Fed. R. Civ. P. 15(c) governs the relation-back doctrine. Under this principle, a late-filed claim may, for the purposes of the statute of limitations, be treated "as if it had been filed at the time of the original complaint." Singletary v. Pa. Dept. of Corr., 266 F.3d 186, 189 (3d Cir. 2001).Relation-back under F.R.C.P. 15(c)(1)(A)-(C) applies in three types of situations involving amendments to complaints:
(A) when the law that provides the applicable statute of limitations allows relation back;
(B) when the amendment asserts a claim or defense that arose out of the conduct, transaction, or occurrence set out -- or attempted to be set out -- in the original pleading; or
(C) when the amendment changes the party or the naming of the party against whom a claim is asserted.
Plaintiff suggests that F.R.C.P. 15(c)(1)(C) is applicable here inasmuch as the Plaintiff re-named itself in the amended complaint as the subrogee of Mary Sesenig. However, the Third Circuit has explicitly held that this subsection is inapplicable to amendments for the purpose of adding plaintiffs. See Gardner v. State Farm Fire & Cas. Co., 544 F.3d 553, 561 (3d Cir. 2008)(quoting Advisory Comm. Notes on the 1966 Amdts. to Fed. R. Civ. P. 15). Thus, because the amendment of "Selective Way as subrogee of Mary Sensenig,"occurred after the two year statute of limitations had run, Plaintiff's claim is clearly time-barred.
B. Real Party in Interest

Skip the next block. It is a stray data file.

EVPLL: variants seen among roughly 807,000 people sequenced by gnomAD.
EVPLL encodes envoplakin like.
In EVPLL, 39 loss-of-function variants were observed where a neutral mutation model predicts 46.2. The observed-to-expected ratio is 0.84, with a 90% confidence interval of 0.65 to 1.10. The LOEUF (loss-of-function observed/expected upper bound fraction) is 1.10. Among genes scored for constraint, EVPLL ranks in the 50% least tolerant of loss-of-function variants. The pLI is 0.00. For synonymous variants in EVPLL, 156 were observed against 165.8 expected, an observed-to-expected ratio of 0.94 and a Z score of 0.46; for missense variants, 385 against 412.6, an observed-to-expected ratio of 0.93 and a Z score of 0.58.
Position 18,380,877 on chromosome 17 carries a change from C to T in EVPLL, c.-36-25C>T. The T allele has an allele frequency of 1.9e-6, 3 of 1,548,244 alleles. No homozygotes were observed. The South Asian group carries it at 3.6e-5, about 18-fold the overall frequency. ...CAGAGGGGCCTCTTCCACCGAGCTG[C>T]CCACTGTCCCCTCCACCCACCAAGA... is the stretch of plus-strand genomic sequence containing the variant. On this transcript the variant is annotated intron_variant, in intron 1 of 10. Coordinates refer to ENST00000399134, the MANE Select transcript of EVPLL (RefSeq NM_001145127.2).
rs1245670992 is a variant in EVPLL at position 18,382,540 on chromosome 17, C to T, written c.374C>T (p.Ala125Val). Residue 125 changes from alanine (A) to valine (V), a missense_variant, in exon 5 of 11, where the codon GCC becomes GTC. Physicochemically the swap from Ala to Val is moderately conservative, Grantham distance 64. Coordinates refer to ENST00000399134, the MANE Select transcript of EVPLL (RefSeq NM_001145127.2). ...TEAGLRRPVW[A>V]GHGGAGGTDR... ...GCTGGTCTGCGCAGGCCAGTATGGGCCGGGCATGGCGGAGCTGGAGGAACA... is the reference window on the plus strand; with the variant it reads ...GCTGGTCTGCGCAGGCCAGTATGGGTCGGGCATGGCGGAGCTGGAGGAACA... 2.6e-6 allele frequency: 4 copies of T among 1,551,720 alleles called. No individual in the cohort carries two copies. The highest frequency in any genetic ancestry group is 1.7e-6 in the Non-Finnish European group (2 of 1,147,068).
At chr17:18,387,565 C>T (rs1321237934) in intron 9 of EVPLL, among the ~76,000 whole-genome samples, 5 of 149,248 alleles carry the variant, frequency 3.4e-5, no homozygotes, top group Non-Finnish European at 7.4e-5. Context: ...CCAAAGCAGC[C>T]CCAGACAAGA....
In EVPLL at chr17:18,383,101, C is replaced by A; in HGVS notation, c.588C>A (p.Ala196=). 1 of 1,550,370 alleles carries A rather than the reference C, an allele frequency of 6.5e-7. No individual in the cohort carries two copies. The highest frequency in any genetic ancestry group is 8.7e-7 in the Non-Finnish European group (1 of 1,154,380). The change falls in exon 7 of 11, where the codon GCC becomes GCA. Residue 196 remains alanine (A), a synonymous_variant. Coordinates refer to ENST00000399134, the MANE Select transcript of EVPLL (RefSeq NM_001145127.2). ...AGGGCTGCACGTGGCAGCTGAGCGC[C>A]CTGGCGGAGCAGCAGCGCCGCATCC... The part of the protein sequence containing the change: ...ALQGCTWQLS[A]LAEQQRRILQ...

Having concluded that the relation-back doctrine cannot save Plaintiff's claims from the statute of limitations, for the sake of completeness, we shall address Plaintiff's unavailing argument that the real party in interest principle saves his claim from dismissal. Fed. R. Civ. P. 17(a) provides that "[a]n action must be prosecuted in the name of the real party in interest." Determining whether the plaintiff is the real party in interest requires the court to "look to the substantive law creating the right being sued upon to see if the action has been instituted by the party possessing the substantive right to relief." Boarhead Farm Agreement v. Advanced Envtl. Tech. Corp., 381 F. Supp. 2d 427, 432 (E.D. Pa. 2005)(quoting 6A Charles A. Wright et al., Federal Practice and Procedure § 1544 (2d ed. 1990)).Based upon this rule, courts permit substitution of a party when necessary to avoid an injustice. However, as Magistrate Judge Prince correctly reasoned, the real party in interest here is the one who originally held the claim -- Floyd Sensenig's widow, as the executrix of his estate. The real party in interest is decidely not the insurance company that simply paid benefits, and thus this principle cannot salvage the instant matter. Thus, we agree entirely with Magistrate Judge Prince's conclusion that the real party in interest principle does not operate to save the Plaintiff's claim here.
Accordingly, based on the foregoing, we shall adopt the R&R in its entirety, grant the Defendants' motions to dismiss, and close this case. An appropriate Order shall issue.